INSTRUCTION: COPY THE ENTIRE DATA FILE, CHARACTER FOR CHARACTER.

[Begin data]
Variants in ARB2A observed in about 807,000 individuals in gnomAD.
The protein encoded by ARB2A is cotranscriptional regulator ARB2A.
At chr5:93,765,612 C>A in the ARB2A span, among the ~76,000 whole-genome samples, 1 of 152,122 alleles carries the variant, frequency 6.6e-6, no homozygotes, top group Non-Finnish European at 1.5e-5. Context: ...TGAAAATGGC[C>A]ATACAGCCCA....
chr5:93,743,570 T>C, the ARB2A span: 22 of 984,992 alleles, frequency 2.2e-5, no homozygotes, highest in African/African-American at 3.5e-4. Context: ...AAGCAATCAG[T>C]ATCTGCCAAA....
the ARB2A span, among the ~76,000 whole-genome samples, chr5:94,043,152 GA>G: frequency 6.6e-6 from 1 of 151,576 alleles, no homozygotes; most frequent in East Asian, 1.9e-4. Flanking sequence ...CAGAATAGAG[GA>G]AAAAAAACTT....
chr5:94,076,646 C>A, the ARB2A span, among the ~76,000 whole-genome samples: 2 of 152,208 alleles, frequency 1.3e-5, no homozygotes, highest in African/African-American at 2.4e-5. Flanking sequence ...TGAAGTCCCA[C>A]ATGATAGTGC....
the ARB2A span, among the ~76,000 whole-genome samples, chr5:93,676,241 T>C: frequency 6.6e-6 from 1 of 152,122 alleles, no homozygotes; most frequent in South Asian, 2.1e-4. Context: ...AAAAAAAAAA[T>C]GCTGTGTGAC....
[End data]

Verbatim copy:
Variants in ARB2A observed in about 807,000 individuals in gnomAD.
The protein encoded by ARB2A is cotranscriptional regulator ARB2A.
At chr5:93,765,612 C>A in the ARB2A span, among the ~76,000 whole-genome samples, 1 of 152,122 alleles carries the variant, frequency 6.6e-6, no homozygotes, top group Non-Finnish European at 1.5e-5. Context: ...TGAAAATGGC[C>A]ATACAGCCCA....
chr5:93,743,570 T>C, the ARB2A span: 22 of 984,992 alleles, frequency 2.2e-5, no homozygotes, highest in African/African-American at 3.5e-4. Context: ...AAGCAATCAG[T>C]ATCTGCCAAA....
the ARB2A span, among the ~76,000 whole-genome samples, chr5:94,043,152 GA>G: frequency 6.6e-6 from 1 of 151,576 alleles, no homozygotes; most frequent in East Asian, 1.9e-4. Flanking sequence ...CAGAATAGAG[GA>G]AAAAAAACTT....
chr5:94,076,646 C>A, the ARB2A span, among the ~76,000 whole-genome samples: 2 of 152,208 alleles, frequency 1.3e-5, no homozygotes, highest in African/African-American at 2.4e-5. Flanking sequence ...TGAAGTCCCA[C>A]ATGATAGTGC....
the ARB2A span, among the ~76,000 whole-genome samples, chr5:93,676,241 T>C: frequency 6.6e-6 from 1 of 152,122 alleles, no homozygotes; most frequent in South Asian, 2.1e-4. Context: ...AAAAAAAAAA[T>C]GCTGTGTGAC....